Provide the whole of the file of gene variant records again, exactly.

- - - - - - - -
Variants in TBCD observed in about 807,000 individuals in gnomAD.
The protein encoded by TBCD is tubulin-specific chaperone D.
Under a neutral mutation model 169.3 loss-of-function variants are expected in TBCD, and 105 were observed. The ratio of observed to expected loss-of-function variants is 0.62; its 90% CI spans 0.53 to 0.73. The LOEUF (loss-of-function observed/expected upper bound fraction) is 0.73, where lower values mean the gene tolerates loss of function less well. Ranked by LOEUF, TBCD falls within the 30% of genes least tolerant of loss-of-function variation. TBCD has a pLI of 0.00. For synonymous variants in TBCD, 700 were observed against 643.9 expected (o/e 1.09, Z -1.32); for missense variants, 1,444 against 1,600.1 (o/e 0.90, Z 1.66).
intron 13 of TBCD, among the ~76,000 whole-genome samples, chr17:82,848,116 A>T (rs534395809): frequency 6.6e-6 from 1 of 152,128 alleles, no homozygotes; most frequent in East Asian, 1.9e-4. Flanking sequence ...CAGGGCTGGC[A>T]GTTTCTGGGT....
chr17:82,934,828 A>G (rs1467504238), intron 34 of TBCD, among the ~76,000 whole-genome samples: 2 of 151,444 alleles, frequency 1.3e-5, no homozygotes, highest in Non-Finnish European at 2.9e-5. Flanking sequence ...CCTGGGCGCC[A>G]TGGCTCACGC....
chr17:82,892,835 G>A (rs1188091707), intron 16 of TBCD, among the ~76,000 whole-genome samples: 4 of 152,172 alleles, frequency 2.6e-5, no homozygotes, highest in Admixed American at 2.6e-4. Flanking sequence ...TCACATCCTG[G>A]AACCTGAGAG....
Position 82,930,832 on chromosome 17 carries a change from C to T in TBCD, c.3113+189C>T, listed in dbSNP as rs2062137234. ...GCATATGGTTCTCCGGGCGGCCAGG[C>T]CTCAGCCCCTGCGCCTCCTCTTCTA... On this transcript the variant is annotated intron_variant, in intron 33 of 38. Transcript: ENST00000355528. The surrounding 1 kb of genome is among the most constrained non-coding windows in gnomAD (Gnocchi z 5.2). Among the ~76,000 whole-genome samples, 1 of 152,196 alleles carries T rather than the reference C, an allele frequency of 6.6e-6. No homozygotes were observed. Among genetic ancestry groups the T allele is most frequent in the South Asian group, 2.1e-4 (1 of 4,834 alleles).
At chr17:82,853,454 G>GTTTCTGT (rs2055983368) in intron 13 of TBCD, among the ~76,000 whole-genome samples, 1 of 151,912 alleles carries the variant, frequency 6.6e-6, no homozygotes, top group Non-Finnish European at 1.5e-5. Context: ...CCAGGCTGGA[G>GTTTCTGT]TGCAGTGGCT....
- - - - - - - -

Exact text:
Variants in TBCD observed in about 807,000 individuals in gnomAD.
The protein encoded by TBCD is tubulin-specific chaperone D.
Under a neutral mutation model 169.3 loss-of-function variants are expected in TBCD, and 105 were observed. The ratio of observed to expected loss-of-function variants is 0.62; its 90% CI spans 0.53 to 0.73. The LOEUF (loss-of-function observed/expected upper bound fraction) is 0.73, where lower values mean the gene tolerates loss of function less well. Ranked by LOEUF, TBCD falls within the 30% of genes least tolerant of loss-of-function variation. TBCD has a pLI of 0.00. For synonymous variants in TBCD, 700 were observed against 643.9 expected (o/e 1.09, Z -1.32); for missense variants, 1,444 against 1,600.1 (o/e 0.90, Z 1.66).
intron 13 of TBCD, among the ~76,000 whole-genome samples, chr17:82,848,116 A>T (rs534395809): frequency 6.6e-6 from 1 of 152,128 alleles, no homozygotes; most frequent in East Asian, 1.9e-4. Flanking sequence ...CAGGGCTGGC[A>T]GTTTCTGGGT....
chr17:82,934,828 A>G (rs1467504238), intron 34 of TBCD, among the ~76,000 whole-genome samples: 2 of 151,444 alleles, frequency 1.3e-5, no homozygotes, highest in Non-Finnish European at 2.9e-5. Flanking sequence ...CCTGGGCGCC[A>G]TGGCTCACGC....
chr17:82,892,835 G>A (rs1188091707), intron 16 of TBCD, among the ~76,000 whole-genome samples: 4 of 152,172 alleles, frequency 2.6e-5, no homozygotes, highest in Admixed American at 2.6e-4. Flanking sequence ...TCACATCCTG[G>A]AACCTGAGAG....
Position 82,930,832 on chromosome 17 carries a change from C to T in TBCD, c.3113+189C>T, listed in dbSNP as rs2062137234. ...GCATATGGTTCTCCGGGCGGCCAGG[C>T]CTCAGCCCCTGCGCCTCCTCTTCTA... On this transcript the variant is annotated intron_variant, in intron 33 of 38. Transcript: ENST00000355528. The surrounding 1 kb of genome is among the most constrained non-coding windows in gnomAD (Gnocchi z 5.2). Among the ~76,000 whole-genome samples, 1 of 152,196 alleles carries T rather than the reference C, an allele frequency of 6.6e-6. No homozygotes were observed. Among genetic ancestry groups the T allele is most frequent in the South Asian group, 2.1e-4 (1 of 4,834 alleles).
At chr17:82,853,454 G>GTTTCTGT (rs2055983368) in intron 13 of TBCD, among the ~76,000 whole-genome samples, 1 of 151,912 alleles carries the variant, frequency 6.6e-6, no homozygotes, top group Non-Finnish European at 1.5e-5. Context: ...CCAGGCTGGA[G>GTTTCTGT]TGCAGTGGCT....